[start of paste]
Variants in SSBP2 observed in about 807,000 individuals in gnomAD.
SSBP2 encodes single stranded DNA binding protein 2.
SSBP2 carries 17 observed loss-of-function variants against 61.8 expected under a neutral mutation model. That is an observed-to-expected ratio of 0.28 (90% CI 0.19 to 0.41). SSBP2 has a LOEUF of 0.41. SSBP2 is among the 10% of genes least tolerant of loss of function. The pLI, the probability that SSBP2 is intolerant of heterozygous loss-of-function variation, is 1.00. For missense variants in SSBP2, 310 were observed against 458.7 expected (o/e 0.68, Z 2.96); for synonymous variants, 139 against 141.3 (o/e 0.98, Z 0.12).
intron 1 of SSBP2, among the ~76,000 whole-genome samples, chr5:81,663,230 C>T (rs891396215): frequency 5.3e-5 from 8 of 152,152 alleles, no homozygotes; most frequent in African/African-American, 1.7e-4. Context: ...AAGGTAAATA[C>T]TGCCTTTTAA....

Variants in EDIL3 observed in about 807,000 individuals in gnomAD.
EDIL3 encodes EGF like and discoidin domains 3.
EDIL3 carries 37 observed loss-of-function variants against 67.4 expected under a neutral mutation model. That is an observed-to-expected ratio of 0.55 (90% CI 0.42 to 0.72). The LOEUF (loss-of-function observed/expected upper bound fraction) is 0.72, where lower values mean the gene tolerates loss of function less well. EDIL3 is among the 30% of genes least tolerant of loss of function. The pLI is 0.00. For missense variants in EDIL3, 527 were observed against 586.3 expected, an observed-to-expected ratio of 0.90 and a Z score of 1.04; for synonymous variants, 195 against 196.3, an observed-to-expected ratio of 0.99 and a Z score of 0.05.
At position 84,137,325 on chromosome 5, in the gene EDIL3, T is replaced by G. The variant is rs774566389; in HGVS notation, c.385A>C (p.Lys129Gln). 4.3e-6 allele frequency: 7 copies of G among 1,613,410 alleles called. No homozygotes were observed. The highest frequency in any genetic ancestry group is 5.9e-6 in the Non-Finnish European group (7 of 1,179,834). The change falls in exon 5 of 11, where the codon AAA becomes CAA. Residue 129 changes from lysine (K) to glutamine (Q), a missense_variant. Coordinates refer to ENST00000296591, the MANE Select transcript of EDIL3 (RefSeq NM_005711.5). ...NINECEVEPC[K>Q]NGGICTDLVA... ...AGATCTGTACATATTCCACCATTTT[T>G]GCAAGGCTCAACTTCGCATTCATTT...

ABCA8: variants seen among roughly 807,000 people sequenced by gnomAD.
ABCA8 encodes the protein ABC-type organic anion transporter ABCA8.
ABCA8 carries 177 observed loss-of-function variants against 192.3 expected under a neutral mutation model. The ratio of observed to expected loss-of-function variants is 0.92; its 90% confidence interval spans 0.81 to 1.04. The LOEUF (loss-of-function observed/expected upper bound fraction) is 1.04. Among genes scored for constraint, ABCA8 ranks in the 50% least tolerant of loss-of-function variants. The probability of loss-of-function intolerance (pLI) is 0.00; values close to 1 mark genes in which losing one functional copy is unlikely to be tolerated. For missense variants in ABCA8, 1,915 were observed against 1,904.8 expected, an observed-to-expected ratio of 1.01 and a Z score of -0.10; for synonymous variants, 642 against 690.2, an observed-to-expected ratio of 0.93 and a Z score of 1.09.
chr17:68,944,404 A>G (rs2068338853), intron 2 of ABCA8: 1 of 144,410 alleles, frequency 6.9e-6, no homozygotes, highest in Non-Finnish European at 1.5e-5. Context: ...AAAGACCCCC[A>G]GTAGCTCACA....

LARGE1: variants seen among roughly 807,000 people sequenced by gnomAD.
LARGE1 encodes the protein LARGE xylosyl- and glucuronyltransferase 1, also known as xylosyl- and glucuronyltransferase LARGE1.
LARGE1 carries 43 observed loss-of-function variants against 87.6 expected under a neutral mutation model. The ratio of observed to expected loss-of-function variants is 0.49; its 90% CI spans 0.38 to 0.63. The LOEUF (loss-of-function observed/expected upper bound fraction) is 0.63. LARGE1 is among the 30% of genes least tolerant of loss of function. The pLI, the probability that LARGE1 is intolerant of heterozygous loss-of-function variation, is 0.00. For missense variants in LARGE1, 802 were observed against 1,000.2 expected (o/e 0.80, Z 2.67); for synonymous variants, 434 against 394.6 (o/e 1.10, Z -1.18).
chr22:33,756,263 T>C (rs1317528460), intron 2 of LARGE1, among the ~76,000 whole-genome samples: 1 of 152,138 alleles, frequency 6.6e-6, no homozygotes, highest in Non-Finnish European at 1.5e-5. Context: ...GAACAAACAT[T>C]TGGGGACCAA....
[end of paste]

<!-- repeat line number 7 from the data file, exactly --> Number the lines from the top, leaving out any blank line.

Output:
EDIL3 carries 37 observed loss-of-function variants against 67.4 expected under a neutral mutation model. That is an observed-to-expected ratio of 0.55 (90% CI 0.42 to 0.72). The LOEUF (loss-of-function observed/expected upper bound fraction) is 0.72, where lower values mean the gene tolerates loss of function less well. EDIL3 is among the 30% of genes least tolerant of loss of function. The pLI is 0.00. For missense variants in EDIL3, 527 were observed against 586.3 expected, an observed-to-expected ratio of 0.90 and a Z score of 1.04; for synonymous variants, 195 against 196.3, an observed-to-expected ratio of 0.99 and a Z score of 0.05.